When you’re done with a data storage drive, it’s nice to make sure that all of the data is scrubbed from it. A drive that’s returned, repurposed, or discarded can have personal or confidential data on it. Discarded drives have been found with everything from financial and medical data, email, and even pornography on them. New personal computers are migrating from standard Hard Disk Drives (HDDs) to Solid State Drives (SSDs). SSDs are generally faster to access if they are not too large. (Addressing can get cumbersome and start to get slow if you start to have addresses greater than 32-bits long). However, permanently erasing SSDs is not the same as for HDDs. HDDs can be overwritten multiple times, which takes some time to do. However, for most SSDs no overwrite command is available for sanitizing the drive. Methods to sanitize HDDs often do not work on SSDs. Erasure methods are very different between the two storage technologies. The term “sanitize” describes a process where data is irretrievably removed from a storage device such that it is not possible to forensically (or otherwise) reconstruct it.
There are a few methods for permanently destroying data on a drive: A Crypto Erase applies to self-encrypting drives that allow you to change the media encryption key. Once the encryption key is changed, the data becomes inaccessible or no longer understandable. Another well-known sanitization operation is to overwrite the existing data with something else. Overwriting data doesn’t work well with SSDs because SSDs don’t work like traditional HDDs. One of the reasons it’s a problem to overwrite NAND flash SSDs is that the system has to issue an ERASE command first before it can perform a WRITE command to the same physical location.
Another way to sanitize NAND flash-based SSD is by using Block Erase on every element in the flash array. Block Erase sets the voltage level on each storage element to a significantly higher level than the standard operating voltage and then drops it to ground. Another method to sanitize a drive is to physically destroy the hard drive platter with a hammer or destroy the silicon chip of the SSD by shredding it or otherwise physically destroying it. (Note: shredding the silicon might damage your shredder machine.) The latter method is final, however, in that the drive is permanently destroyed and cannot be re-used as if fresh out of the box as can be done with other methods. Secure erase will delete the mapping table for the drive but will not wipe all of the blocks that have been written on. Sanitization not only removes the map but also erases all blocks that have been written on. If you have an NVMe SSD, the NVMe specification supports a sanitize command. NVMe, ATA, and SCSI sanitize commands were designed to erase SSD storage that’s accessible via both the host interface and the internal firmware of the drive.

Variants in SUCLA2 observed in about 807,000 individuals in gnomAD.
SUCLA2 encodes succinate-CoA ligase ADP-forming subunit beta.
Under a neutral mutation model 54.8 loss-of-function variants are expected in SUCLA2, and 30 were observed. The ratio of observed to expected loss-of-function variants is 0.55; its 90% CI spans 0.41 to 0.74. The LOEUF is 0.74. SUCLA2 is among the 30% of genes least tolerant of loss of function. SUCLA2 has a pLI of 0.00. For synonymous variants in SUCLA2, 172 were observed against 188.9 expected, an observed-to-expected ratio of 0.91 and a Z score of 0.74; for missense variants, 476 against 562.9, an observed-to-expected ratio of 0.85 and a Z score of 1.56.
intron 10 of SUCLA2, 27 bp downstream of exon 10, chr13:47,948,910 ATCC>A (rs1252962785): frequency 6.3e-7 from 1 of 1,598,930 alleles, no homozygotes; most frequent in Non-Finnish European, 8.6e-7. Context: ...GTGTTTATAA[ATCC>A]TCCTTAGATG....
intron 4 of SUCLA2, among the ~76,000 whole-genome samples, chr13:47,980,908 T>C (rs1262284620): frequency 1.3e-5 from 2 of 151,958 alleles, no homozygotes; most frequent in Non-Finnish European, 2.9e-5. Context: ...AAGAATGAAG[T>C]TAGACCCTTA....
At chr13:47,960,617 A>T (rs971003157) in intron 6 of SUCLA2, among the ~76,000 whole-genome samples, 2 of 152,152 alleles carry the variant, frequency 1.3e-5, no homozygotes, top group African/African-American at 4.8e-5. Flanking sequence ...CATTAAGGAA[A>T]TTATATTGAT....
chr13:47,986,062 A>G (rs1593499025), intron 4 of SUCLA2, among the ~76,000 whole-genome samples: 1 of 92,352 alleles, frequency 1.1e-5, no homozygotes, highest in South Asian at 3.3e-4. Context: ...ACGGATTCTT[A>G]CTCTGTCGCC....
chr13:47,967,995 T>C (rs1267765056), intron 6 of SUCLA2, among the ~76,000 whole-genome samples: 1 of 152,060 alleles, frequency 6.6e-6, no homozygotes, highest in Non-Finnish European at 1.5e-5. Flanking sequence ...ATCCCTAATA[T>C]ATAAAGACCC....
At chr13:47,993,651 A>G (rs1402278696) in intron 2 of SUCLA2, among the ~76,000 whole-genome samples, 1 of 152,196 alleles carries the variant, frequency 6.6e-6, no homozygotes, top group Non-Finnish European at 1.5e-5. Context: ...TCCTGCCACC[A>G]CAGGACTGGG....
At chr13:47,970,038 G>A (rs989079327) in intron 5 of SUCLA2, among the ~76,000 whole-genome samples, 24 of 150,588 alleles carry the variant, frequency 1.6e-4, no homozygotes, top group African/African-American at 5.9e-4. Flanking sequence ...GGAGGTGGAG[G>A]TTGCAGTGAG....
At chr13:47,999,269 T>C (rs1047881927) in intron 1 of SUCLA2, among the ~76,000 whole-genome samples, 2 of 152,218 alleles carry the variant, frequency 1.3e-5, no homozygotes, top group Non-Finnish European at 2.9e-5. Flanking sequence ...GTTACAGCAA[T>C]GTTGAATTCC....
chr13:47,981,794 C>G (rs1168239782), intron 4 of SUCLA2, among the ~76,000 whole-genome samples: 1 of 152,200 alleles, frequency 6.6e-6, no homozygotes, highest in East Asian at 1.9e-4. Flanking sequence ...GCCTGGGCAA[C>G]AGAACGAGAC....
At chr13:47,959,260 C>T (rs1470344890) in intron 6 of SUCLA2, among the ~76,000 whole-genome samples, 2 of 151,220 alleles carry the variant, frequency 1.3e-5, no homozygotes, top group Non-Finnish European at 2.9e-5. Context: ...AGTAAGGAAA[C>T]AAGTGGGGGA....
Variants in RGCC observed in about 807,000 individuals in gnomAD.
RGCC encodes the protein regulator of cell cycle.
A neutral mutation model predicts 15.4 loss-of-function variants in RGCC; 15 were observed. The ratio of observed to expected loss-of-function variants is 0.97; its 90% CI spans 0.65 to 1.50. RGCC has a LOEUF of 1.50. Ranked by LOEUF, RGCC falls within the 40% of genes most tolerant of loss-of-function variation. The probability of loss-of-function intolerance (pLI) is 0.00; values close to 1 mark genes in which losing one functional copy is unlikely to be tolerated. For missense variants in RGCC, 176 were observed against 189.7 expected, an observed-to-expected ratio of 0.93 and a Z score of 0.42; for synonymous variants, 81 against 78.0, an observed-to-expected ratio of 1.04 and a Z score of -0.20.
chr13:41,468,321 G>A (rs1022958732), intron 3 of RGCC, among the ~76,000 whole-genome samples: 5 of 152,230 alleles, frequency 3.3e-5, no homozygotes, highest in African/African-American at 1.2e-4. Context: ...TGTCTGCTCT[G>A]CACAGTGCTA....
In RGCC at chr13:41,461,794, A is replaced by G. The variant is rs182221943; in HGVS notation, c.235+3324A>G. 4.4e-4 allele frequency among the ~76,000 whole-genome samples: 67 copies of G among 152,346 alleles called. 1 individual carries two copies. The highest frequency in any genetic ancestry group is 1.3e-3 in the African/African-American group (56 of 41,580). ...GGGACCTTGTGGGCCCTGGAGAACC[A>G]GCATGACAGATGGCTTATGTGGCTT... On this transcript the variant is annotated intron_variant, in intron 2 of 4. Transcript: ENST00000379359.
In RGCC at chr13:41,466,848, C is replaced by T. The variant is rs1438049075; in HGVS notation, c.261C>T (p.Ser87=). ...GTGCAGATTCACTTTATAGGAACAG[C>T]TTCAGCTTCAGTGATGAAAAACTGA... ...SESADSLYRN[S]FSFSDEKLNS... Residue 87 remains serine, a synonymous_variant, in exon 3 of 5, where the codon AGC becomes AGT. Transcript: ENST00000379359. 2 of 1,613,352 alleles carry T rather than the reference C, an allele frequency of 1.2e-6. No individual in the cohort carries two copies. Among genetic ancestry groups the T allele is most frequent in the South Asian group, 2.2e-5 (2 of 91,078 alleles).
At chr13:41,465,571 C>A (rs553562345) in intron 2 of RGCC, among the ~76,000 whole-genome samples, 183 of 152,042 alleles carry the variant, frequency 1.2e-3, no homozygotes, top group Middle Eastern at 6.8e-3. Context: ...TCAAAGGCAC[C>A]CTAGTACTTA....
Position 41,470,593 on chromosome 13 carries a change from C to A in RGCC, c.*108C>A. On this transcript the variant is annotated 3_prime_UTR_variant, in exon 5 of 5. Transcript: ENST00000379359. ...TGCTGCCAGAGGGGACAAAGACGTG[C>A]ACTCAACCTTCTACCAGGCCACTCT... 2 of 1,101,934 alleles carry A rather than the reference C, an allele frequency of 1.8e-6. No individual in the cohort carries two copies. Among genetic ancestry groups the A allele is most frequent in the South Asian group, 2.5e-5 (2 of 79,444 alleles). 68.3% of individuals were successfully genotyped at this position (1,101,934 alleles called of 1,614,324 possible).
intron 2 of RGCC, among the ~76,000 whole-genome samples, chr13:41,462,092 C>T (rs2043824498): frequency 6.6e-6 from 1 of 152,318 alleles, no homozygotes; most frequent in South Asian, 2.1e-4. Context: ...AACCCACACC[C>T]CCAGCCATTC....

Secure erase is faster, but not as complete. Data on a drive that has been securely erased or sanitized cannot be recovered. If power is interrupted during a secure erase, secure erase may continue as soon as power is restored or the user may need to issue another secure erase command when power is restored. Note that SSD manufacturers do not follow a universal command to sanitize drives.
Erasing an SSD with a Sanitize Block Erase (e.g., on Micron SSDs) can be much faster than using overwrite command on an HDD. On an HDD, a bit-by-bit overwrite operation can take hundreds of minutes since two to three passes are recommended. But on a Micron SSD, for example, the Block Erase command can be implemented on many blocks simultaneously so that a 1TB drive can be sanitized in about one minute (Figure 1). If possible, use the software provided by your SSD manufacturer to sanitize your SSD. Otherwise, you can try manufacturers software to securely erase your drive. Some examples of SSD manufacturer software that’s used to manage the SSD are the Intel SSD Toolbox, the SanDisk SSD Dashboard, Micron SSD Management, or the Samsung Magician Software.
But how do you prove that your drive has been sanitized? You can try using data recovery software to see if the data is still accessible. Some companies perform verification of sanitization for drives, such as Kroll Ontrack. The National Institute of Standards and Technology (NIST) offers guidelines for media sanitization in a document called Special Publication 800-88, “Guidelines for Media Sanitation.” (Figure 2) The document covers media sanitization for many media types, include NVMe SSDs, iPhones and iPads, Blackberry, ATA SSDs, SCSI HDDs, USB removable media, and a few other media types.